But the concept of a "mountain race track" moved forward. It would be the only one of its kind in France. Auchatraire and Raymond Roche worked together to get the project accepted by the political community before searching for funding, but Rosier was killed at Montlhéry on 26 October 1956 and would not witness his project come to fruition. The racetrack was opened on 27 July 1958, with the name of its famous founder "Circuit de Charade Louis Rosier". Soon after, several champions participated in racing events on the track, each of them, including Stirling Moss, making positive statements about the track and its surrounding. Rosier's Renault dealership in Clermont-Ferrand was one of the largest Renault dealerships in France. Rosier's dealership sold other industrial and farming equipment; the building housing this important business has been destroyed. In 1951, Louis Rosier designed a prototype based on the 4CV Renault. In 1953, using the concept of a barchetta that he raced at Le Mans, together with Italian coachbuilder Rocco Motto, designed a cabriolet, still using 4CV Renault sub assemblies.
This model was built in a quantity of about 200 units by Brissonneau. It was introduced at a car show in New York; some time he designed a roadster using Renault Frégate elements with an aluminum body developed by Rocco Motto, on a multi-tubular frame. The engine was revised, the body was lightened, the results was an interesting 950 kg for 80 hp. Louis Rosier sustained head injuries in a crash at the Montlhéry track, south of Paris, France, on 7 October 1956. Three weeks on 29 October 1956, Rosier succumbed to the injuries received in the crash. * Indicates shared drive with Charles Pozzi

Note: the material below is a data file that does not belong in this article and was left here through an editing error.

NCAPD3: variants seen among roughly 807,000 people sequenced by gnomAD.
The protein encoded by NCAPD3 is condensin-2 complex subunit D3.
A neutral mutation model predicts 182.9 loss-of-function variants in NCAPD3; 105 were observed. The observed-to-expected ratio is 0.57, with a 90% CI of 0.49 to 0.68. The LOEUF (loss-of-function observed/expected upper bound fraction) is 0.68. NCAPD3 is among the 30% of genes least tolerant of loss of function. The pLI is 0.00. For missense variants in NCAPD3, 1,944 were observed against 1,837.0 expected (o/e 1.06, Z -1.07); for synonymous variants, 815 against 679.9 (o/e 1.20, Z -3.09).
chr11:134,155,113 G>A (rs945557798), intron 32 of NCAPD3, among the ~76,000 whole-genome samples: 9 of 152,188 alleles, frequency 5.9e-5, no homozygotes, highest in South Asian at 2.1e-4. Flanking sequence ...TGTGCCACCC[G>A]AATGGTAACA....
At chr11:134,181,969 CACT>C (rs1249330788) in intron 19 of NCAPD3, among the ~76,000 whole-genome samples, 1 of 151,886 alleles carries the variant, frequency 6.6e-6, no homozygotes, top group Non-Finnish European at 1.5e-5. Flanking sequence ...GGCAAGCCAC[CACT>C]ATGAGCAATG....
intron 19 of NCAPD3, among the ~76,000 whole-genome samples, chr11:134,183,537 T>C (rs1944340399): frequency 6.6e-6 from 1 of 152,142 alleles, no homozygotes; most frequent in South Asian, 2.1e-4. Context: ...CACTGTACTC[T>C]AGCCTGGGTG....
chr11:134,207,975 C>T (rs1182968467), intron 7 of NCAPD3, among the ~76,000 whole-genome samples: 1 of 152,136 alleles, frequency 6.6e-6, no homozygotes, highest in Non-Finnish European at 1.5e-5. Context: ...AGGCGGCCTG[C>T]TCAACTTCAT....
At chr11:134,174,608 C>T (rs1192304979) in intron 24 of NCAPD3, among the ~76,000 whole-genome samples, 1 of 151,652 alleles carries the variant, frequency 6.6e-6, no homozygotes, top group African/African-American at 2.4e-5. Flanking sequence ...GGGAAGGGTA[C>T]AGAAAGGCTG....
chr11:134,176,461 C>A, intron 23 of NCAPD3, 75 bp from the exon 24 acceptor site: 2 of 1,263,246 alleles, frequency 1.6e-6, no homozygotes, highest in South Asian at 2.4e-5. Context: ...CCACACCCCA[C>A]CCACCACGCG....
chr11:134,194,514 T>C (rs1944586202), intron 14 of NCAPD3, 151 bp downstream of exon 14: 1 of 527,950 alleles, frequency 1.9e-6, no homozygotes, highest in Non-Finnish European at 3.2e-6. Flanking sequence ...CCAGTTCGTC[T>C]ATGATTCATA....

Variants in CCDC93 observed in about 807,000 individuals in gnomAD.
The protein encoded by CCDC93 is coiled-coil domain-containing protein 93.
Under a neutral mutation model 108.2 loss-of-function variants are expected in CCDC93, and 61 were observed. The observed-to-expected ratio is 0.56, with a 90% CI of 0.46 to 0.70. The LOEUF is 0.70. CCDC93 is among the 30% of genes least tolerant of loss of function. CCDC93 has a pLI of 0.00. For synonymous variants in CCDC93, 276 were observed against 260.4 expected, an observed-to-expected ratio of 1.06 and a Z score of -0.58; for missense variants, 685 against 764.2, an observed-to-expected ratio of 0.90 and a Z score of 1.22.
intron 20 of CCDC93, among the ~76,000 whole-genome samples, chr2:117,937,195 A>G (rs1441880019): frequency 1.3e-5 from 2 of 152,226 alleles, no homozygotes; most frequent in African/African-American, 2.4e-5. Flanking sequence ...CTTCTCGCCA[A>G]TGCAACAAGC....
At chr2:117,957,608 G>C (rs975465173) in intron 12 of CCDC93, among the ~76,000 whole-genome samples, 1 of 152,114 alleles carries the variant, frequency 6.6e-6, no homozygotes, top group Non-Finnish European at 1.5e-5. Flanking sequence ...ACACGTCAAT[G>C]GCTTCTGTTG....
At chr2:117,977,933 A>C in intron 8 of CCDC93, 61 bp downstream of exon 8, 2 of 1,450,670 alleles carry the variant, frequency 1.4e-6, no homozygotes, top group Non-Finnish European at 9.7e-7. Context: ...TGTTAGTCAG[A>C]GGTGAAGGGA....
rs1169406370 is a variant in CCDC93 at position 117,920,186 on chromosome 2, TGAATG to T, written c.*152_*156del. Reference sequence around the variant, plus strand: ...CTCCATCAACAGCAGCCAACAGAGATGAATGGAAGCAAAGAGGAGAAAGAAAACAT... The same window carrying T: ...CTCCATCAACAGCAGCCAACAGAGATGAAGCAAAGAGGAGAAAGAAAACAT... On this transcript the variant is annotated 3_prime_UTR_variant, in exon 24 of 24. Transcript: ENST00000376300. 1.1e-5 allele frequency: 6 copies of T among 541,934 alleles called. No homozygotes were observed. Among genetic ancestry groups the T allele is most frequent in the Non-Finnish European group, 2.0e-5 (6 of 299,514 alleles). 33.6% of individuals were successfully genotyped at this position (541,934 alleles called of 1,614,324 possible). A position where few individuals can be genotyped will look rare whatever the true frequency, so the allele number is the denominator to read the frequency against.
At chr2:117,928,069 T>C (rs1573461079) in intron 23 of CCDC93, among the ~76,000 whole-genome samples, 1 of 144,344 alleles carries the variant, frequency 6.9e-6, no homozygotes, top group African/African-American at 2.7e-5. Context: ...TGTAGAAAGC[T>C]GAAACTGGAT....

Reginald Harold Haslam Parnell was a racing driver and team manager from Derby, England. He participated in seven Formula One World Championship Grands Prix, achieving one podium, scoring a total of nine championship points. Parnell, as both a driver and a team manager, had a considerable influence on post-war British motorsport until his premature death in 1964. Parnell raced at Brooklands and was banned following an accident with Kay Petre which ended her racing career. Before the war he bought up racing cars. Once the hostilities had ceased he sold them to form the basis of post-war racing entries, he raced a whole host of cars before turning to management and taking Aston Martin into Formula 1. Parnell went on to run the Yeoman Credit Racing team with the help of his son Tim who raced in Formula 1 himself. Parnell came from a family. In 1933, he was a spectator when Donington Park held its first motor race, he decided to try the sport. By 1935, he bought an old 2-litre Bugatti single-seater for just £25.
It broke its rear axle in the paddock at its first meeting, but buying spare parts for the Bugatti was too expensive, so it was replaced with a MG Magnette K3. Parnell had secured wins at both Brooklands and Donington Park, but in 1937 he lost his licence following a practice accident for the 500 Mile race, at Brooklands, he misjudged an overtaking move on Kay Petre, when he lost control of the MG, crashing into her Austin 7 from behind, causing it to roll. She crashed badly and was injured, she never raced competitively again. Although she put the incident down to "bad luck", the RAC revoked Parnell's racing license for two years; this meant. The ban meant in effect that, during 1938, Parnell found himself unable to race his cars, he soon discovered that lending the cars to other drivers was an excellent way of being involved in racing, his abilities as a team manager were developed during this period. With his licence restored in 1939, Parnell was back with 4.9-litre Bugatti-engined single-seater, known as the BHW.